NEW YORK (Reuters) - Oil prices sank on Thursday following poor U.S. economic figures and after U.S. President Donald Trump roiled markets with a suggestion that the nation should delay its November presidential election.
Investors sold riskier assets following Trump’s tweet that raised the prospect of delaying the vote. The date of the U.S. election is enshrined in the U.S. Constitution, but Trump’s remarks were viewed as an attack on the integrity of the coming election, worrying investors.
Oil markets recovered from their lowest levels of the selloff. U.S. West Texas Intermediate (WTI) crude futures settled down $1.35, or 3.3%, at $39.92 a barrel after falling 5% earlier in the session.
Brent crude futures, which expire on Friday, fell 81 cents, or 1.9%, to $42.94 a barrel.
“We have the potential for serious political uncertainty in the U.S. if election dates are challenged,” said John Kilduff, partner at Again Capital in New York.
In a sign of the devastating impact of the coronavirus on the United States, the world’s biggest oil consumer, the country’s economy contracted at its steepest pace since the Great Depression in the second quarter.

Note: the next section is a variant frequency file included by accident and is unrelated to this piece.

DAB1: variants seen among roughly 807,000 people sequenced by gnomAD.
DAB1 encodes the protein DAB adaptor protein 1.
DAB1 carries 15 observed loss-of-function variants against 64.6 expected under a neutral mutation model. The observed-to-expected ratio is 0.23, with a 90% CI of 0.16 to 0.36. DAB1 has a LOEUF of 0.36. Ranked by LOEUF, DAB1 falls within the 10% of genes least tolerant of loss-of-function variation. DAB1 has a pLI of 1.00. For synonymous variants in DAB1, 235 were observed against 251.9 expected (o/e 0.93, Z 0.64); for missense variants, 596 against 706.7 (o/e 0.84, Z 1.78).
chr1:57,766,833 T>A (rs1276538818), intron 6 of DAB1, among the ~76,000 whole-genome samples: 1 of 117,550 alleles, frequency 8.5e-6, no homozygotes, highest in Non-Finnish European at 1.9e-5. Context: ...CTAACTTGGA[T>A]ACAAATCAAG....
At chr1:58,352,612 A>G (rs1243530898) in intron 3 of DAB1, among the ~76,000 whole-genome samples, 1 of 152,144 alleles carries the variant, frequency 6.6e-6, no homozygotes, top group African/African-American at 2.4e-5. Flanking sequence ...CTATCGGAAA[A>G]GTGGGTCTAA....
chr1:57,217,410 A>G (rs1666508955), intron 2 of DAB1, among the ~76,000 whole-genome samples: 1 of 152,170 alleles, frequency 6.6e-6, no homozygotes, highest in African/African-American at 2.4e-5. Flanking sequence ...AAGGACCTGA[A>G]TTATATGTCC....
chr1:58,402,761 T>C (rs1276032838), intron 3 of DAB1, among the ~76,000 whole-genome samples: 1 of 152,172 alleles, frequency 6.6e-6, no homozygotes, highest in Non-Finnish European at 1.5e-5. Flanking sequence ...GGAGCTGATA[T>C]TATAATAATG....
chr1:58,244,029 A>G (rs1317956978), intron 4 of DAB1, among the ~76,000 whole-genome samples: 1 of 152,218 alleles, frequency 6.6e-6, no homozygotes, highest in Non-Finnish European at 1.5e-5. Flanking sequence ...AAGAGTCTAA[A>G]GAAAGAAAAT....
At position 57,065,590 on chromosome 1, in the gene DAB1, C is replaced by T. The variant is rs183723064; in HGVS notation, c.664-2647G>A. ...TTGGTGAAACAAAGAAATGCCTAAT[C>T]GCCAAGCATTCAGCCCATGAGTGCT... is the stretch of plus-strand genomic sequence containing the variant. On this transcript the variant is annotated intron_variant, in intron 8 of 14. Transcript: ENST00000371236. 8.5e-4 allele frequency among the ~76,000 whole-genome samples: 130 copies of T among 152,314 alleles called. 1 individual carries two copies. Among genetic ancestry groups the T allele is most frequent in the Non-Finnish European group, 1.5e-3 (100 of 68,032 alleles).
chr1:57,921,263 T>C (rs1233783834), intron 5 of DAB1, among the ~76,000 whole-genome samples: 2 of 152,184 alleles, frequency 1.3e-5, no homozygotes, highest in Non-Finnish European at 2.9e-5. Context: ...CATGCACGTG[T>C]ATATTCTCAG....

U.S. gross domestic product collapsed at a 32.9% annualised rate, the deepest decline in output since the government started keeping records in 1947. In addition, weekly jobless claims rose, a signal that the worsening outbreaks across wide swathes of the United States are taking a further toll on the economy.
Deaths from COVID-19 have now topped 150,000 in the United States, while Brazil, with the world’s second-worst outbreak, set daily records of confirmed cases and deaths. New infections in Australia hit a record on Thursday.
The potential threat to a recovery in oil demand comes as the Organization of the Petroleum Exporting Countries (OPEC) and its allies, together known as OPEC+, are set to step up output in August, adding about 1.5 million barrels per day to global supply.
“The market is now watching U.S. producers and OPEC+ consider plans to ramp up while demand isn’t returning the way we thought it would a few weeks ago...the supply demand balance could get out of whack” said Gene McGillian, vice president of market research at Tradition Energy.
Additional reporting by Ahmad Ghaddar in London, Sonali Paul in Melbourne and Koustav Samanta in Singapore. Editing by Marguerita Choy and Bernadette Baum
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